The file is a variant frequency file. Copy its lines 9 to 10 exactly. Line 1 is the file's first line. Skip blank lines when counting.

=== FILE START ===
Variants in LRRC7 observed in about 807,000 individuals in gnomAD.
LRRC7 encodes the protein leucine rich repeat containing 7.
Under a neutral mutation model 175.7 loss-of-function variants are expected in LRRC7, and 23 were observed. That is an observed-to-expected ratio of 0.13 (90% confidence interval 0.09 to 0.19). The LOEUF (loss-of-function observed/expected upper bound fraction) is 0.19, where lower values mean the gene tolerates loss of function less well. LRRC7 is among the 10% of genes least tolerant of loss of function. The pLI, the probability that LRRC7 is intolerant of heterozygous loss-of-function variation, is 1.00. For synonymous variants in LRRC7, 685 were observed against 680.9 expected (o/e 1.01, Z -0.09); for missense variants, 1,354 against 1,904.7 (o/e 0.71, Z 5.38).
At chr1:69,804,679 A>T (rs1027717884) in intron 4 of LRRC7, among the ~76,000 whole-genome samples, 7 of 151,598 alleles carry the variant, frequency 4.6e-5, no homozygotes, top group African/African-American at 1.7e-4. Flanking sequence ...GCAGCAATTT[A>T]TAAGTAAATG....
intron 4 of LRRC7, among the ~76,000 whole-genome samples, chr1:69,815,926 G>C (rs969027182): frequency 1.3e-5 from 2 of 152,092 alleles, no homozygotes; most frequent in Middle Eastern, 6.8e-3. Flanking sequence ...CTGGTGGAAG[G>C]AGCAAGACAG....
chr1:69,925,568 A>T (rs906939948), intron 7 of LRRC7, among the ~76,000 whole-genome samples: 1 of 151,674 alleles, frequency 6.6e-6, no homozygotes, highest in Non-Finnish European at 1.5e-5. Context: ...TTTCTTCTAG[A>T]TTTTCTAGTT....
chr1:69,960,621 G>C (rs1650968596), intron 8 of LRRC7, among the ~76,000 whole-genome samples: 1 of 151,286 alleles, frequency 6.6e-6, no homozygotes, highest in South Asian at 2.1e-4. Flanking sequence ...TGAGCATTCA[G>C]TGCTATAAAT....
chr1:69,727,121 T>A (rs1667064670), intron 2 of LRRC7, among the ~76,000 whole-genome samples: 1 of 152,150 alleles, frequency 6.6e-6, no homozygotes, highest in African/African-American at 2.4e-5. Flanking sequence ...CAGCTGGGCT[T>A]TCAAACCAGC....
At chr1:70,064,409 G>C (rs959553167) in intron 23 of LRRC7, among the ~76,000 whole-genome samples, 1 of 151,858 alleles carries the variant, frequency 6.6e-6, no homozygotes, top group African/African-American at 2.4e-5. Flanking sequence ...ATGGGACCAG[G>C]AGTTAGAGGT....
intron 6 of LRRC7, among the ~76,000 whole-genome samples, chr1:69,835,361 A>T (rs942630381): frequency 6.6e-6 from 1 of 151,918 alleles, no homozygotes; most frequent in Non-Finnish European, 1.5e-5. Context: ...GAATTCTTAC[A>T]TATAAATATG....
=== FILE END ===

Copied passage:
At chr1:70,064,409 G>C (rs959553167) in intron 23 of LRRC7, among the ~76,000 whole-genome samples, 1 of 151,858 alleles carries the variant, frequency 6.6e-6, no homozygotes, top group African/African-American at 2.4e-5. Flanking sequence ...ATGGGACCAG[G>C]AGTTAGAGGT....
intron 6 of LRRC7, among the ~76,000 whole-genome samples, chr1:69,835,361 A>T (rs942630381): frequency 6.6e-6 from 1 of 151,918 alleles, no homozygotes; most frequent in Non-Finnish European, 1.5e-5. Context: ...GAATTCTTAC[A>T]TATAAATATG....